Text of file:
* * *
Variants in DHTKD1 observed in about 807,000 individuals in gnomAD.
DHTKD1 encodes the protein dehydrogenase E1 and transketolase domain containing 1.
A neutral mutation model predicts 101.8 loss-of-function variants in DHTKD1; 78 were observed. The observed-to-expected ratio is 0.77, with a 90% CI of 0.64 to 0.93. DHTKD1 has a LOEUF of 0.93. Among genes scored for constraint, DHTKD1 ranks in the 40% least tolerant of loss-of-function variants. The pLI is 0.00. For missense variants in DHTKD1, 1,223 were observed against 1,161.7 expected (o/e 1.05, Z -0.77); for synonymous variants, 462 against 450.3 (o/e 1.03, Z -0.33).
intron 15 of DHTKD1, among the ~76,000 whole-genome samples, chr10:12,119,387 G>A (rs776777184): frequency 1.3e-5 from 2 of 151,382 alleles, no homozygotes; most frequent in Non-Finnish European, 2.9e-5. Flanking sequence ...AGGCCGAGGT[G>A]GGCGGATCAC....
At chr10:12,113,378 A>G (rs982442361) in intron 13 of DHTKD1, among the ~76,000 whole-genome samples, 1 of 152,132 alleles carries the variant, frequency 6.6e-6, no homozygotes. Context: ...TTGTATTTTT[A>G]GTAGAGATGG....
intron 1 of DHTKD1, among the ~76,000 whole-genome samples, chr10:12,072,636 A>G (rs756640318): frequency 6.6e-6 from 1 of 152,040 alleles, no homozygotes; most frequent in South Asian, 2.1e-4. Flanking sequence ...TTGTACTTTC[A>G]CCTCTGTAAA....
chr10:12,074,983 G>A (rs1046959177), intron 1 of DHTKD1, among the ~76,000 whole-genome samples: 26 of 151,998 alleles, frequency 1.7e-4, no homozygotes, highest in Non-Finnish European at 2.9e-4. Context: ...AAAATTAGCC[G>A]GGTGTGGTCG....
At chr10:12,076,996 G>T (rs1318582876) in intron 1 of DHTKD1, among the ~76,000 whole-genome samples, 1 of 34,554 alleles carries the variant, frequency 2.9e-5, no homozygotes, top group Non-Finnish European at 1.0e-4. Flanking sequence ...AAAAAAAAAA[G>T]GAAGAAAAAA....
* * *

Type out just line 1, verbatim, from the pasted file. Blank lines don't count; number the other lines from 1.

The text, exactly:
Variants in DHTKD1 observed in about 807,000 individuals in gnomAD.